The characters themselves are all drawn really nicely and I love that you can change the colour of your clothing and I really think the look of the gear later on in the game, just looks so cool and what can I say, when you get that green cloak your character looks spot on! You can really go to town, to your heart’s content and make a character look almost however you like. Although I will say I could not find any option for facial hair which saddened me as I wanted to replicate my beard!
The game still suffers slow down and there are some big drops in frame rates when there is lot’s going on, on screen. It sometimes takes a while for characters to load, and there are times where bits of scenery disappear in front of your eyes. Textures can be quite rough close up but overall the developers have done a pretty decent job. It’s not perfect by any means but when you’re flying through the air at pace and the game is running smoothly you tend to forgive these hiccups. Some may not of course which I can fully understand but to play this game on the move is certainly a great feeling.
Lights, camera, action!
A.O.T.2 is heavily focused on action and straight from the off the action feels very satisfying. Killing Titans has never felt so good, the story gets you heavily invested into the characters and in between each cutscene you will get straight into a mission and it’s brilliant how the cutscene thrusts you into the gameplay as it keeps the impetus.
Let’s focus on killing Titans, if you have never played the first A.O.T then it’s going to take a little getting used to because the skill here is in the timing and getting the right angle to kill the Titan which usually requires a deep cut on the back of the neck, the nape. This action when done right ends up with the titan bleeding all over the place when your swords are thrust straight into them including covering you all over with the red stuff. Be warned if you make a character with long hair! If you are squeamish you can turn the blood option off.
When you come across a Titan a yellow targeting system will protrude from you to let you know where the Titan is. To enter into the fight you need to press R to target the Titan itself and once in this mode you can move the circular targeted area with the right analogue stick and it’s then up to you how you go about your business. It’s a good system for the most part as it alerts you straight away to the near presence of a Titan whether moving on foot, by air or on horseback.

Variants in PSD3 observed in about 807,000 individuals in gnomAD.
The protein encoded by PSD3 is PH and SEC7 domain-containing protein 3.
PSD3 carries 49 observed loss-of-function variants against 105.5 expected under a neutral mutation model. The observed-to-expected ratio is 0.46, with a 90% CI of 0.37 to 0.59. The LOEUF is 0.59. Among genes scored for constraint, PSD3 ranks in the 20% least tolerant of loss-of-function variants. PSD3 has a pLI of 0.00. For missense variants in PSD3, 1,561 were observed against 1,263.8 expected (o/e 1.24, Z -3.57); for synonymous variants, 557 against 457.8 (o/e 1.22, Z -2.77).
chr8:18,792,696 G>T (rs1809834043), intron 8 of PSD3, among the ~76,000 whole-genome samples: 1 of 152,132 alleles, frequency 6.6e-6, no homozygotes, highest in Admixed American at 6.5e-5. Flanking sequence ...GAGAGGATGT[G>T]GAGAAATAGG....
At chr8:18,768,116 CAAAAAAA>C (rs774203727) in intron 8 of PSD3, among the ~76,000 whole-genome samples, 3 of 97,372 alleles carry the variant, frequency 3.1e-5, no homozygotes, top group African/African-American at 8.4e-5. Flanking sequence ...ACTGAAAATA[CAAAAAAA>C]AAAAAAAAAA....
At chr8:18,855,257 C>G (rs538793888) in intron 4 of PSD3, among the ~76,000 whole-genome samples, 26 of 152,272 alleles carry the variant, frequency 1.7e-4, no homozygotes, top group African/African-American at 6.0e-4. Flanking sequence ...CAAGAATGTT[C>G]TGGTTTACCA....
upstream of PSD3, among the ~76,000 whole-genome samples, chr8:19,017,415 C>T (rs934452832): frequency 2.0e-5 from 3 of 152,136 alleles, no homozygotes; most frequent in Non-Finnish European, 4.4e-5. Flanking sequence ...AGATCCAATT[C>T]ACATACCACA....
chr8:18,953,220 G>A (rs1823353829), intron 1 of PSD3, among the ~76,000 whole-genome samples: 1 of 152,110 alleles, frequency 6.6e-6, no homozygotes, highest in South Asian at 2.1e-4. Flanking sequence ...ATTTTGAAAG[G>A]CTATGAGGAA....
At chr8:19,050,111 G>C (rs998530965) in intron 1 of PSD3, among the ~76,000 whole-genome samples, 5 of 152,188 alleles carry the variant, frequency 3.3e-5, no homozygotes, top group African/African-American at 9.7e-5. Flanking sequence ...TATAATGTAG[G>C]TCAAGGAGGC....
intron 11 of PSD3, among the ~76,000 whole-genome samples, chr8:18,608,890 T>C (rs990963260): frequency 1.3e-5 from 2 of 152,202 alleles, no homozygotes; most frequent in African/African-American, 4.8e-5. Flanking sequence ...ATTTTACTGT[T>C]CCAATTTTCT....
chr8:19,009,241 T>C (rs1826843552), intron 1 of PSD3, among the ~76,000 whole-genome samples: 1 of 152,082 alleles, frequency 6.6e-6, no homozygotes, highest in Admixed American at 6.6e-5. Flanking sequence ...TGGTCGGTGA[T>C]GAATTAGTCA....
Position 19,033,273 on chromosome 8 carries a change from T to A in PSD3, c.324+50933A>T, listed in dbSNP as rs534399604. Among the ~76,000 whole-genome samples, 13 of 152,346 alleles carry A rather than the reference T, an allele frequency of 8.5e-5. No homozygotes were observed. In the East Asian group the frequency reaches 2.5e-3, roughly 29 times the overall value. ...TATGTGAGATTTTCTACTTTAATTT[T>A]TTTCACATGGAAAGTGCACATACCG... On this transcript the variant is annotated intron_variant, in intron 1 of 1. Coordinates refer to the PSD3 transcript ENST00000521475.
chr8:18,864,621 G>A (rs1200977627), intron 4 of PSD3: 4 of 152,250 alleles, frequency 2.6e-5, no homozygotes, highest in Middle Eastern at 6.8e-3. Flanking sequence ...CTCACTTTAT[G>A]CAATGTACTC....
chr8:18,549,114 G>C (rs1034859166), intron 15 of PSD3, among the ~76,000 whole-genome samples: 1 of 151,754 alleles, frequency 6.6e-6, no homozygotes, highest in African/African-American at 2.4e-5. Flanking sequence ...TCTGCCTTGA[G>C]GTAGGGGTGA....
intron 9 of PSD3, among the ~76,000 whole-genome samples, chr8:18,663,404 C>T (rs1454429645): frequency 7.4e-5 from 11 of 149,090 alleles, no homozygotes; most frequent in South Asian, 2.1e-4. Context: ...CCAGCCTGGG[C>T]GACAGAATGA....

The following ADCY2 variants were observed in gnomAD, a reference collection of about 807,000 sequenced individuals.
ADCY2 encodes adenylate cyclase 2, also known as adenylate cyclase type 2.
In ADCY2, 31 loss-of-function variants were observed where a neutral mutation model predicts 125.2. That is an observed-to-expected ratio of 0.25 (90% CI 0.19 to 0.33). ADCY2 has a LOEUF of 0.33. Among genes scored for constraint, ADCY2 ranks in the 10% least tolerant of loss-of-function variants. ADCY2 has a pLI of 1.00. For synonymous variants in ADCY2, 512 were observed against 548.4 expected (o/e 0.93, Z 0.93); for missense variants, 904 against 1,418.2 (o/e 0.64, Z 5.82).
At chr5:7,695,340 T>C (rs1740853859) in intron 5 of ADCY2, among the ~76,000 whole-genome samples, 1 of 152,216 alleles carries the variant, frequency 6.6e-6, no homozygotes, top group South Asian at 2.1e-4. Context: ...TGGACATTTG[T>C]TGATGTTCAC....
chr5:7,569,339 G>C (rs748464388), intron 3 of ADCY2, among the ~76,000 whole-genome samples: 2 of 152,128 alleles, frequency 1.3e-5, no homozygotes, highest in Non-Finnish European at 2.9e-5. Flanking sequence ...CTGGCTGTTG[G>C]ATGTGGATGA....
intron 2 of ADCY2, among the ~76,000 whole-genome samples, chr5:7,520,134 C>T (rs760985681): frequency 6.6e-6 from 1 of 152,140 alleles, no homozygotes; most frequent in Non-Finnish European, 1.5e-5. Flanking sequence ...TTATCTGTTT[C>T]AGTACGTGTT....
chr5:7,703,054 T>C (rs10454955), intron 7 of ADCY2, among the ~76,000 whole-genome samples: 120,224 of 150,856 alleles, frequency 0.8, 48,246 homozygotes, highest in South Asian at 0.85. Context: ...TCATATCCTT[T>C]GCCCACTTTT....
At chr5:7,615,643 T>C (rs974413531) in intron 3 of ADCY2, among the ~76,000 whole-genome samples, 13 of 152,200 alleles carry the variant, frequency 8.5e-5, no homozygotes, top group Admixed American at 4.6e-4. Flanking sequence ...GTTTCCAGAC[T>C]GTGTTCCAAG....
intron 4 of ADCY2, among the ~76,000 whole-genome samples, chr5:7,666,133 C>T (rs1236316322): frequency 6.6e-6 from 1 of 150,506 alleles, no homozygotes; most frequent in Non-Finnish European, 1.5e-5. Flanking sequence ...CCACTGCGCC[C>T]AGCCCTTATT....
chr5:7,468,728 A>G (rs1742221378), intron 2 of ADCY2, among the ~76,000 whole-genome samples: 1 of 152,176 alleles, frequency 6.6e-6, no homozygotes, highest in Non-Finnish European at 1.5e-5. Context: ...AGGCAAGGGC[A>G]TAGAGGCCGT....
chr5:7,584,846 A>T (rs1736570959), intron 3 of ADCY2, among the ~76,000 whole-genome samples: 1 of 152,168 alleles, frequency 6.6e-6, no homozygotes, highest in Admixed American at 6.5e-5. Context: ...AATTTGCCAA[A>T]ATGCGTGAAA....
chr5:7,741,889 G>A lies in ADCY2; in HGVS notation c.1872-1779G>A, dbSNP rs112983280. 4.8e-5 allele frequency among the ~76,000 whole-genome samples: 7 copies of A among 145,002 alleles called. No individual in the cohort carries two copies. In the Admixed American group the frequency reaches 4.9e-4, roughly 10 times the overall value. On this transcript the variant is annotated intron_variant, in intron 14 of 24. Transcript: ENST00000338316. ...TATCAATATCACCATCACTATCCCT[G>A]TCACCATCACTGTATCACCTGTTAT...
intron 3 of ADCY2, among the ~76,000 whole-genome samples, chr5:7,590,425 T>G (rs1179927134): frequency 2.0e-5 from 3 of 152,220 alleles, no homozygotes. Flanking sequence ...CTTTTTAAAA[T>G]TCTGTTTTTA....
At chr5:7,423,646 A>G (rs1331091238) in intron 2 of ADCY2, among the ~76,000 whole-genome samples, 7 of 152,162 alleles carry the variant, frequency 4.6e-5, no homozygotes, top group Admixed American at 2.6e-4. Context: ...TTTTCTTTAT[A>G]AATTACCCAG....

Once you’re happy with the targeted area you press X to release your ODM which feels really impressive because the use of HD rumble here is very clever, once the hook latches onto the Titan and you are swinging around, it feels like there is resistance which is great. You can target the legs of the Titan and chop the limbs off rendering it immobile as it will fall to the floor, take out the arms so it can’t grab you and eat you and then you’re free to cut the nape for the kill. Personally, I like to go straight for the neck and kill Titans quickly although this poses more risk to your health! To stay in the air you can use your double jump when your hook releases from the Titan, using this skill is essential as the second press of the jump button causes you to enter into a quick boost in the air which uses gas but allows you whilst airborne to re-hook onto either another Titan or the same one if your attack failed or if it needs a few more hits and it’s this gameplay that just never gets old as it’s so thrilling.
Titans at first are easy to kill but require more hits later on and will also defend themselves sometimes managing to grab you and start chomping at you. If your not quick enough pressing the required button multiple times the Titan will have you for lunch. The avoidance meter is important to keep an eye on as once a Titan detects you it can become super aggressive and at this point, you need to be really careful as you can easily get killed and you will have to then start from the last saved checkpoint. Luckily the game saves automatically so it’s not a massive deal but it will affect your mission score. Missions can be replayed whenever you like which is great if you want to perfect them.
You can also take out Titans using a sneak attack using a telescopic view to target the Titan from further away and once the attack is lined up you rush in at frightening pace, time the attack and you can take a Titan out in one fell swoop. To be honest though, it’s not something I used all that much as I felt it slowed down the action. Hook drives are sensationally satisfying, avoid a Titans attack at just the right time and you can land a devastating finishing move whilst in mid-air. Brilliant when you pull it off.